A woman contacted FOBP in 2021 with a concern that there was Poison Hemlock (Conlum maculatum) along the pathways in Cedar Grove where she and her children were walking and playing and she was worried about children getting poisoned from it (you can’t get poisoned from touching Poison Hemlock, only by eating it). I checked it out for her as I have never heard of Poison Hemlock growing in that area. As it turned out it was Burr Chervil (Anthriscus caucalis) a common obnoxious, invasive weed found in great abundance in Lower Park. It is commonly called the “Velcro plant” because the seeds attach to clothing like Velcro, especially to socks and are extremely hard to remove. Chervil’s flowers look similar to Poison Hemlock and Wild Carrot or Queen Ann’s Lace (Daucus carota) flowers but the plant itself is very different, with a thick stem that grows three to five feet tall. However, I told her that Poison Oak was everywhere along those trails and they she and her kids should stay out of the area if there are susceptible to Poison Oak. She demanded that the Park Department should remove it all immediately. I passed her information along to the Park Department but I don’t think they did anything about it.
The current City Forester targeted poison oak for removal as an obnoxious weed and was corrected about its weediness. It is a native shrub that benefits a variety of animals and is one of the few green plants seen in the summer when everything else is dried out. He took poison oak off his list of plants to be removed in the Park. The Park Department needs to actively trim back the poison oak encroaching into all the trails in Lower and Upper Park.
Make sure you know what poison oak looks like and be aware that it is everywhere in Bidwell Park.As I walked through the Park I noticed a few other interesting flowers showing up in the past week. Ithuriel’s spears (Triteleia laxa) started popping up through the vetch along Petersen Drive.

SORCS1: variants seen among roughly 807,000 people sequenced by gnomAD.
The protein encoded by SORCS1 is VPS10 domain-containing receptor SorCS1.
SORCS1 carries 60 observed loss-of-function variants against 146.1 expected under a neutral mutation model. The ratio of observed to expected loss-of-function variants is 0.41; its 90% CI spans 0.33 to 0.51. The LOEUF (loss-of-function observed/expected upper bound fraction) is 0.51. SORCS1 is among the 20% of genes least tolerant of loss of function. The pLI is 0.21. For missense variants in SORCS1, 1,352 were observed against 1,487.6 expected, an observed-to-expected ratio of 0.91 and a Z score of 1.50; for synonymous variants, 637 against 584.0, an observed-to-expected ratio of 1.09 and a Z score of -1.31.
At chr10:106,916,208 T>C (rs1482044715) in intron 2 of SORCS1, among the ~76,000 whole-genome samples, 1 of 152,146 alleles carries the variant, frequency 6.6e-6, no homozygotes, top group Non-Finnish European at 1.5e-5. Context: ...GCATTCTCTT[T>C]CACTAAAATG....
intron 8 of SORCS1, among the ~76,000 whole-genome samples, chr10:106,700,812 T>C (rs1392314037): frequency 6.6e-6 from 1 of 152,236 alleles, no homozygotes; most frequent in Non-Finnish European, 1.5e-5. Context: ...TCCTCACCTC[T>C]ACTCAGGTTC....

Here is a top down view of these beautiful native plants.
Looking down along the trail near the Vallombrosa fence line I noticed Baby Blue Eyes (Nemophila heterophylla) along the trail. I’ve seen these in Upper Park and this was the first time I noticed them in Lower Park. There was a small patch of these.
Along with the Baby Blue Eyes was another one of my favorite, yet annoying native plants – bedstraw. There are over 80 different bedstraw or Galium species in California. There are at least two different species in Bidwell Park and probably more. Common bedstraw is found around the world in a variety of locations. It is thought to be native or at least naturalized in California.
Bedstraw gets its name from how it was used, to stuff beds. When dried it maintain some structure and resilience after being crushed.
The annoying part of bedstraw is its clinginess, it was probably the original Velcro plant. Check your pant legs after walking in a field with bedstraw whole stems, leaves, and seeds will be attached to your pants or hairy legs. It even clings to your skin. Bedstraw has a number of different names including stickywilly, cleaver, goosegrass, stickyweed, and catchweed that signify its annoying clinging property.
Bedstraw is growing well now and flowering in Bidwell Park. The seeds, like that of Bur Chervil, are vary sticky and people and animals will spread this plant.As I finished my walk in the Park and returned to where I entered I took this multi-image shot of the majestic oak from the Park side.